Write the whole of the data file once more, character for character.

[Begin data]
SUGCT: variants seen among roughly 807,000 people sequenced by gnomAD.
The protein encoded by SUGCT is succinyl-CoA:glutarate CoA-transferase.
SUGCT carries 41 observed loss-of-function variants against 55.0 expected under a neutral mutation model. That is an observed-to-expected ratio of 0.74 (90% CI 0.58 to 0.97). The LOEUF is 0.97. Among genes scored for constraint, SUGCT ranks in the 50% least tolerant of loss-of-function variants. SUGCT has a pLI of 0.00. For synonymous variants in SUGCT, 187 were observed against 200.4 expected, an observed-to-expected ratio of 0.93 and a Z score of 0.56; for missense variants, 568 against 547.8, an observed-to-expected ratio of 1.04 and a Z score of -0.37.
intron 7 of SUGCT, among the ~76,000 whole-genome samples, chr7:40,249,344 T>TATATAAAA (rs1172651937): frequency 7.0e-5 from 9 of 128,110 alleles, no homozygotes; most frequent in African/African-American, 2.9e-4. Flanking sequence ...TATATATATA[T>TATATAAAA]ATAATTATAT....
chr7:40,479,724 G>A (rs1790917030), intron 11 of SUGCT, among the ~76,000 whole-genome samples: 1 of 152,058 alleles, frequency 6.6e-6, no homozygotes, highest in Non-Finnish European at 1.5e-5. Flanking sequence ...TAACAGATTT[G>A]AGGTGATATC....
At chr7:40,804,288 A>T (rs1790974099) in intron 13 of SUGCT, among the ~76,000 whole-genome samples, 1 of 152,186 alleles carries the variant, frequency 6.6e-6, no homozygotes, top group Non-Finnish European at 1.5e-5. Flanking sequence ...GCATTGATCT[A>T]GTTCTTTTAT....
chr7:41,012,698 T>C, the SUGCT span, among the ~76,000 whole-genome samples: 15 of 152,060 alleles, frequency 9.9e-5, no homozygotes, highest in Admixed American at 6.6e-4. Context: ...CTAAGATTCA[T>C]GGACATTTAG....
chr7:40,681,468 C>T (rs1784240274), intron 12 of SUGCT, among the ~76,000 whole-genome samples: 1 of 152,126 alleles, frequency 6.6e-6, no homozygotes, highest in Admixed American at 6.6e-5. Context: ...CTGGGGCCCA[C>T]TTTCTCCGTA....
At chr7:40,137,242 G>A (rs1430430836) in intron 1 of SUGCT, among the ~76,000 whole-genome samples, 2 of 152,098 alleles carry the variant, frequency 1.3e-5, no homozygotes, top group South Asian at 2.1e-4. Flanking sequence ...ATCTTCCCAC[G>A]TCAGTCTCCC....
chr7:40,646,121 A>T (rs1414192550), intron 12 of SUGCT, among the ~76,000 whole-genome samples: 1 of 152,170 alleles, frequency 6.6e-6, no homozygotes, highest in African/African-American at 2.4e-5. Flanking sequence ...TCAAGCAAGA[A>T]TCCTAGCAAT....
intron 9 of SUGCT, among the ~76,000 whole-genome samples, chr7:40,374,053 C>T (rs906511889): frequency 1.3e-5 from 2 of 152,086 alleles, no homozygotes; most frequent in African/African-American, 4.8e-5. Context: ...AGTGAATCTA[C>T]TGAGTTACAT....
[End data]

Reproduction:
SUGCT: variants seen among roughly 807,000 people sequenced by gnomAD.
The protein encoded by SUGCT is succinyl-CoA:glutarate CoA-transferase.
SUGCT carries 41 observed loss-of-function variants against 55.0 expected under a neutral mutation model. That is an observed-to-expected ratio of 0.74 (90% CI 0.58 to 0.97). The LOEUF is 0.97. Among genes scored for constraint, SUGCT ranks in the 50% least tolerant of loss-of-function variants. SUGCT has a pLI of 0.00. For synonymous variants in SUGCT, 187 were observed against 200.4 expected, an observed-to-expected ratio of 0.93 and a Z score of 0.56; for missense variants, 568 against 547.8, an observed-to-expected ratio of 1.04 and a Z score of -0.37.
intron 7 of SUGCT, among the ~76,000 whole-genome samples, chr7:40,249,344 T>TATATAAAA (rs1172651937): frequency 7.0e-5 from 9 of 128,110 alleles, no homozygotes; most frequent in African/African-American, 2.9e-4. Flanking sequence ...TATATATATA[T>TATATAAAA]ATAATTATAT....
chr7:40,479,724 G>A (rs1790917030), intron 11 of SUGCT, among the ~76,000 whole-genome samples: 1 of 152,058 alleles, frequency 6.6e-6, no homozygotes, highest in Non-Finnish European at 1.5e-5. Flanking sequence ...TAACAGATTT[G>A]AGGTGATATC....
At chr7:40,804,288 A>T (rs1790974099) in intron 13 of SUGCT, among the ~76,000 whole-genome samples, 1 of 152,186 alleles carries the variant, frequency 6.6e-6, no homozygotes, top group Non-Finnish European at 1.5e-5. Flanking sequence ...GCATTGATCT[A>T]GTTCTTTTAT....
chr7:41,012,698 T>C, the SUGCT span, among the ~76,000 whole-genome samples: 15 of 152,060 alleles, frequency 9.9e-5, no homozygotes, highest in Admixed American at 6.6e-4. Context: ...CTAAGATTCA[T>C]GGACATTTAG....
chr7:40,681,468 C>T (rs1784240274), intron 12 of SUGCT, among the ~76,000 whole-genome samples: 1 of 152,126 alleles, frequency 6.6e-6, no homozygotes, highest in Admixed American at 6.6e-5. Context: ...CTGGGGCCCA[C>T]TTTCTCCGTA....
At chr7:40,137,242 G>A (rs1430430836) in intron 1 of SUGCT, among the ~76,000 whole-genome samples, 2 of 152,098 alleles carry the variant, frequency 1.3e-5, no homozygotes, top group South Asian at 2.1e-4. Flanking sequence ...ATCTTCCCAC[G>A]TCAGTCTCCC....
chr7:40,646,121 A>T (rs1414192550), intron 12 of SUGCT, among the ~76,000 whole-genome samples: 1 of 152,170 alleles, frequency 6.6e-6, no homozygotes, highest in African/African-American at 2.4e-5. Flanking sequence ...TCAAGCAAGA[A>T]TCCTAGCAAT....
intron 9 of SUGCT, among the ~76,000 whole-genome samples, chr7:40,374,053 C>T (rs906511889): frequency 1.3e-5 from 2 of 152,086 alleles, no homozygotes; most frequent in African/African-American, 4.8e-5. Context: ...AGTGAATCTA[C>T]TGAGTTACAT....